Author Rostislav Ishchenko (Ростислав Ищенко)
A sensible politician always respects his opponent and assumes that if to him (sensible politician) something appears obvious, his opponent took this possibility into account, and, if that option is undesirable for him (an opponent), he is looking for (or possibly has already found) an alternative non-obvious solution. Americans have lost several geopolitical rounds to Russia for the simple reason that they believed they considered all possible options and were forcing Moscow to choose between bad and very bad, whereas Putin managed to find a third move not anticipated by Washington.
Russian leadership, appreciating that the fate of the country is at stake, tends to take into account all possible developments and act prudently, having prepared a counter-move for every move of their opponents. Moreover, Moscow plans the game further ahead, and that is why Washington often gets into time trouble and is forced to improvise blindly responding to a well-prepared strategy of their opponents.
Domestic alarmists, in their ambitiousness and inadequacy, often explain their grievances with the authorities very simply – I do not understand what they are doing, which means they are wrong. However, even defeatists sometimes ask sensible questions. Here is one: “Suppose that Moscow and Donetsk believe that they trapped Kiev into Minsk agreements, and they are waiting when the junta attacks, thereby discrediting itself in the eyes of Europe and undermining the ability of the USA to mobilize EU to support its Ukrainian policy. However, Kiev and Washington must have anticipated this scenario. What happens if they don’t attack, but remain in their positions and keep shelling Donbass cities, as they have been doing for almost a year now?”
The alarmists consider unconvincing the argument that neither Kiev nor Washington has time and resources (especially with the coming new wave of global systemic crisis, which can eliminated old world order along with the weakened Hegemon) to prolong indefinitely the situation that does not yield a positive result. The alarmists’ viewpoint makes sense: empirically this model can be tested only as the situation develops, whereas there are no limitations to the theoretical models that can be constructed. Not to mention that history often demonstrates that the deviation of one year in timing is the usual thing (some events, like the coup in Ukraine, were supposed to happen later than they did, whereas other events were supposed to happen early, but still didn’t).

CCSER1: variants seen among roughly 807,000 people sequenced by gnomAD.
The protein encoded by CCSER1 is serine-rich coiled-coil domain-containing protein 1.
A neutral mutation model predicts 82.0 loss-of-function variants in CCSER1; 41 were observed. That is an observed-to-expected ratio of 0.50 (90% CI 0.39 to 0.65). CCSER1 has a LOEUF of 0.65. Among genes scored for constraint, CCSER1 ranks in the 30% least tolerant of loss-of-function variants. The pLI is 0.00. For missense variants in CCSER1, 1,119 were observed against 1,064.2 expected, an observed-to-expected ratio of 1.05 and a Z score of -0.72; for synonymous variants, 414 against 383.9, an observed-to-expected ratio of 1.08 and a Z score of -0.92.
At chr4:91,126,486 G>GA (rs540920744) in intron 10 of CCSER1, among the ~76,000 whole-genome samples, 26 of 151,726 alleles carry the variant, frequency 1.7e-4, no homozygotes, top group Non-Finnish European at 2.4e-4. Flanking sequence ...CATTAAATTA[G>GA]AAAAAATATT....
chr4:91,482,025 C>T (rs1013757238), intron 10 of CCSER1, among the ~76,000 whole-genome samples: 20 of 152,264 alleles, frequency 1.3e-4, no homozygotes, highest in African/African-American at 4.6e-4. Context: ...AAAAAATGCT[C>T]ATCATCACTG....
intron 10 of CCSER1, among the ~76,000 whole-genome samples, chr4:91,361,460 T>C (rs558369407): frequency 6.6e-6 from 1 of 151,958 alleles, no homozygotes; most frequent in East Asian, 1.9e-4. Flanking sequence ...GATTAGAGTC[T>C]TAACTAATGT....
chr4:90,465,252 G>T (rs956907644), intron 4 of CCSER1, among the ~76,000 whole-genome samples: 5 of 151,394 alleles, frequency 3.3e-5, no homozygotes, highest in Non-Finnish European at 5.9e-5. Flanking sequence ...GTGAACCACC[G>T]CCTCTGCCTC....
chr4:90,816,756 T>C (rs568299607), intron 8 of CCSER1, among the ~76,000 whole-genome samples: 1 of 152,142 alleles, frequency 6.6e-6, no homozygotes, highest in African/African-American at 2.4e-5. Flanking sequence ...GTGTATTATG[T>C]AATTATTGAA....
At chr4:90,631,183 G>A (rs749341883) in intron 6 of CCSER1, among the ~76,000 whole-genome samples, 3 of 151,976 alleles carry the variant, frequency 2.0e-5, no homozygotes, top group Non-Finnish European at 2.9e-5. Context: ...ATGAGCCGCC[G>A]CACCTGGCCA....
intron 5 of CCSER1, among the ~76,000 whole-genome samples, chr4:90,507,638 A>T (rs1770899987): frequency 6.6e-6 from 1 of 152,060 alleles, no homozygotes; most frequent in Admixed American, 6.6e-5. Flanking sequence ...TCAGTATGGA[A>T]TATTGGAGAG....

Thus, if Washington decides to procrastinate some more and revokes its marching orders to Kiev, it is necessary to have an alternative plan that would allow Russia to win the political game in the positional war.
I believe we can guess the key elements of this plan. At least, the sequence of events in the last 6 months suggests that it is not a series of responses, but a planned strategy. Or, even if the first responses were forced by the situation, by the end of the summer of 2014 a certain system emerged. One way or the other, today we observe not just reactions of Russian authorities to events, but rather a creation of mechanisms to direct those events.
What do I mean by that?
First, as a result of Ukrainian blockade of Donbass, economic ties of LPR/DPR were reoriented towards Russia (even though technically via South Ossetia).
Second, due to Ukrainian financial blockade the Republics introduced multi-currency system (hryvna/rouble/US dollar), which turned the territories not controlled by Kiev into the zone of Russian rouble, which accounts for >80% of cash transactions.
Third, due to administrative blockade by Ukraine the Republics tried to introduce their own identification documents. However, as LPR/DPR are not internationally recognized, these IDs do not have legal standing even in Russia. After that the plan emerged to give Donbass people Russian passports.
Forth, in the last days of August Russian media started discussing the possibility of referendum in Donbass as early as this fall regarding their unification with Russia.